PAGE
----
Some of this griping about their ages may be the result of what happened to series regular Dorothy Lamour. She was unceremoniously demoted from leading lady to guest star. Supposedly Bing thought the 48-year-old too old for role essayed instead by Joan Collins. Hope, more loyal than Bing, reportedly insisted that she be in the picture anyway, hence her prominent appearance late in the film, performing in a Hong Kong nightclub.

Regardless, the movie is better than its reputation. About a decade ago I ran all of the Road movies in chronological order, spaced about a week apart. I was rather surprised to find that most hadn't aged well, with the first two, Singapore and Zanzibar being particularly weak. Road to Utopia and Road to Bali are the best ones, though The Road to Hong Kong ranks a respectable third, followed by Morocco (not as good as I remembered it), Rio, then Zanzibar, and Singapore.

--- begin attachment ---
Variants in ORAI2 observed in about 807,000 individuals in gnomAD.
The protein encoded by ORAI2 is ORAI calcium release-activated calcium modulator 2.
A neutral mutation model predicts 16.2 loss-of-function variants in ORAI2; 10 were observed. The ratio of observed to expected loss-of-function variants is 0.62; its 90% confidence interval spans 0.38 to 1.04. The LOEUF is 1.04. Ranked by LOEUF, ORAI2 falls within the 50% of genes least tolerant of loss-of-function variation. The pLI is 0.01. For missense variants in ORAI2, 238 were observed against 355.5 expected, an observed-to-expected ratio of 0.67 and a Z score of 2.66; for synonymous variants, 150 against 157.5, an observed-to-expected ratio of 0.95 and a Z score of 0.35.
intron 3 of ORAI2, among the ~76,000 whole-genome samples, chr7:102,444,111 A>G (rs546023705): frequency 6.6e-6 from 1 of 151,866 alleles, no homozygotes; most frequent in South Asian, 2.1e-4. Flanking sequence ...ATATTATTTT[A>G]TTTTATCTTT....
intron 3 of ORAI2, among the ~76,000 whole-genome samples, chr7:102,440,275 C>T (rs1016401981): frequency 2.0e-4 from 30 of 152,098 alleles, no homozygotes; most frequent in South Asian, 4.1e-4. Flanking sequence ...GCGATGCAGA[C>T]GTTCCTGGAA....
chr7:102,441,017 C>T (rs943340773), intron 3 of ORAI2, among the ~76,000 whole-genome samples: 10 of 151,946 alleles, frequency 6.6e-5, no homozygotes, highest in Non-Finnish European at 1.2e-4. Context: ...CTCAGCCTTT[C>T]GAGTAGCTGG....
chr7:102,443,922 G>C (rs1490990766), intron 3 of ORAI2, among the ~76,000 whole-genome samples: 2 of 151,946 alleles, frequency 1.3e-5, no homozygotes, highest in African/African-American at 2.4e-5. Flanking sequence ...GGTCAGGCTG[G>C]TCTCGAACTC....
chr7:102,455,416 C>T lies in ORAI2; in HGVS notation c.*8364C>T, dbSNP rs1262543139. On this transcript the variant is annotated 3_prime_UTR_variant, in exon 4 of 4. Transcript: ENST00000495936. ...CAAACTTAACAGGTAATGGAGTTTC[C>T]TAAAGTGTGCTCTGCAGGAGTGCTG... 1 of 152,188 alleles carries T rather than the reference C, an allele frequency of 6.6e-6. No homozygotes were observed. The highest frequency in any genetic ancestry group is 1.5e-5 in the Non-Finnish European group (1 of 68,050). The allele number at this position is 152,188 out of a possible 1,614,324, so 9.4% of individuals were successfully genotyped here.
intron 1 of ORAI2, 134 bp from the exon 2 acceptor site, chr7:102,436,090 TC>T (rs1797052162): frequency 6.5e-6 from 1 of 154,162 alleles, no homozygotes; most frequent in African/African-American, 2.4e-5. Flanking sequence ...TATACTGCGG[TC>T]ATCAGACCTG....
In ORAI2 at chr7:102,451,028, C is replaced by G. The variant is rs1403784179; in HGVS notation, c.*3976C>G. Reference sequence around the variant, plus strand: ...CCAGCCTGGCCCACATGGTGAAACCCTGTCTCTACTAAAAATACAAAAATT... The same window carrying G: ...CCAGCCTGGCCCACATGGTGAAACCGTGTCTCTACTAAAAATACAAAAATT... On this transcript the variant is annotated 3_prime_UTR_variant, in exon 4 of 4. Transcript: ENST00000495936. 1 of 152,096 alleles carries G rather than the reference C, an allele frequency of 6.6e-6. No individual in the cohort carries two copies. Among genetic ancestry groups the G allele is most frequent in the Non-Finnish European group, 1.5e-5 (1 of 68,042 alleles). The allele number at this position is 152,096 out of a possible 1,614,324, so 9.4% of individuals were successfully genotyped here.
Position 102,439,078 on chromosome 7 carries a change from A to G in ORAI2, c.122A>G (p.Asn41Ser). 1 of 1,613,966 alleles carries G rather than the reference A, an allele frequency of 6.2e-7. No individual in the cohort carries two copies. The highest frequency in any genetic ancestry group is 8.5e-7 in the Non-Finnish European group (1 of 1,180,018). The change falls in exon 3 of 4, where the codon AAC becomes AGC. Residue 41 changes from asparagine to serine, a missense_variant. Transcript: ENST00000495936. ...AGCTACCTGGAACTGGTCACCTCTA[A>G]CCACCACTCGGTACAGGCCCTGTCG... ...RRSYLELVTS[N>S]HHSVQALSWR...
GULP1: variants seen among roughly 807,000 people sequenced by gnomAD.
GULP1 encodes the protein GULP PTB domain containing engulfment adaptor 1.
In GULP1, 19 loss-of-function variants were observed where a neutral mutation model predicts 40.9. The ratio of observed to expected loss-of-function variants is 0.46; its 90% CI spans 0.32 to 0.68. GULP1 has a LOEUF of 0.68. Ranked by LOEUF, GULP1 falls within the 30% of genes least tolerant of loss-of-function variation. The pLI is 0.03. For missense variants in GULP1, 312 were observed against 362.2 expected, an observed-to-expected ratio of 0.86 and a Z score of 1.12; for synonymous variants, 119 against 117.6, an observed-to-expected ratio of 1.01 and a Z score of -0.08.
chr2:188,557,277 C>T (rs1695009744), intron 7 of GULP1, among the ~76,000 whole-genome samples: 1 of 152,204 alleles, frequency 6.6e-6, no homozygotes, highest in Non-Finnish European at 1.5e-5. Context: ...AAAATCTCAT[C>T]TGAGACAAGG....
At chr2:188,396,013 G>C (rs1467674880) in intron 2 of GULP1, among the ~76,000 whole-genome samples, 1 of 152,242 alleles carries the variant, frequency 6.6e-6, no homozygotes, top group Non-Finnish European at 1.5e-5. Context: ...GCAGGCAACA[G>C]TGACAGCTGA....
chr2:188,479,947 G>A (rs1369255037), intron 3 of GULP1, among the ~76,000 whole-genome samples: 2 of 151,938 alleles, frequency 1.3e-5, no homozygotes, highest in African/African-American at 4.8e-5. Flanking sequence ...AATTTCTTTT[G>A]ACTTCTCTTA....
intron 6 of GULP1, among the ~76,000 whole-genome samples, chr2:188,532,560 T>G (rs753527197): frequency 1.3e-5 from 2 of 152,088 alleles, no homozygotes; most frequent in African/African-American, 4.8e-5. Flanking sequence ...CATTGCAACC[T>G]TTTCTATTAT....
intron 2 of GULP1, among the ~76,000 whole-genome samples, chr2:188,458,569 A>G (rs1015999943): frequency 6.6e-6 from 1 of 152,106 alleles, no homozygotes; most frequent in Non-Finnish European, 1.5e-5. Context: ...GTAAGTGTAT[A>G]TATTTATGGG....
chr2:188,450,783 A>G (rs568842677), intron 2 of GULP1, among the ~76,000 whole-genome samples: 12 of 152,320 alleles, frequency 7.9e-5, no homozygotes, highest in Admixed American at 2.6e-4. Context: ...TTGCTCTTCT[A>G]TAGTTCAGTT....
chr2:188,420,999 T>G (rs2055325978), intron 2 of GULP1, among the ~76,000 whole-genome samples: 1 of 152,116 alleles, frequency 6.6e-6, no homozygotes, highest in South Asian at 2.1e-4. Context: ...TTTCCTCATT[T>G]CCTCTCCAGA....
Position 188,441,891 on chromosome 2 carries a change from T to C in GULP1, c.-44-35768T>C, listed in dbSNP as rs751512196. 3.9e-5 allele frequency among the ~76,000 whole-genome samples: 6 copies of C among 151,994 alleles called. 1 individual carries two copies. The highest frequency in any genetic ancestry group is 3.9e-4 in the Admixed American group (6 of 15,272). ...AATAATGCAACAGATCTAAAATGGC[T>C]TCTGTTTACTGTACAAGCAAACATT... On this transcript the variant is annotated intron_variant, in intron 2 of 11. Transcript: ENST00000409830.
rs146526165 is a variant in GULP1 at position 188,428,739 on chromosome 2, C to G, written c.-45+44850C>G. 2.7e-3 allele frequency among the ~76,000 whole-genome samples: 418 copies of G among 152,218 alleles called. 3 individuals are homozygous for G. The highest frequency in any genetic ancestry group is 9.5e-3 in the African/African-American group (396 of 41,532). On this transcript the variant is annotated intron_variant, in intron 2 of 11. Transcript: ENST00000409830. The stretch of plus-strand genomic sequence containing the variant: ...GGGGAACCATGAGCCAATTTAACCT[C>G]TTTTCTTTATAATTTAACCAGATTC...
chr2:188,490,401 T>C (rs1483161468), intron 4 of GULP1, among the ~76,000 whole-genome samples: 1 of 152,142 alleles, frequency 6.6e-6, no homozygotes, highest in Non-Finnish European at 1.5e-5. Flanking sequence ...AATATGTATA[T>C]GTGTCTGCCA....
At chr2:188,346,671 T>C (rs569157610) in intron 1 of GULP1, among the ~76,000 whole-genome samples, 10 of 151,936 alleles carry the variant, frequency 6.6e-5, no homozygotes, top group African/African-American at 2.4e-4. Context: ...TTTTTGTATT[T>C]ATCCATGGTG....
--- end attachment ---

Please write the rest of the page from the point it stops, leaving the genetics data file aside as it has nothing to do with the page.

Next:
Olive Films' new Blu-ray of The Road to Hong Kong looks great, far superior to MGM's long-ago DVD version. The black-and-white film is clean and super-sharp for the most part, while the disc includes an original trailer.

Harry Turner (Bing) and Chester Babcock (Bob) are hucksters selling stock in their phony invention, a "Do It Yourself Interplanetary Flight Kit," in far-flung Calcutta. When their stooge fails to show up to "demonstrate" the device, Harry sweet-talks Chester into taking the man's place: "Don't I always get you the best medical attention available?" asks Harry. (The scene also has Chester recalling previous Road movies: "That's what'cha said when you shot me out of a cannon, when you dropped me in a tank with an octopus, when you had me wrestle a gorilla.")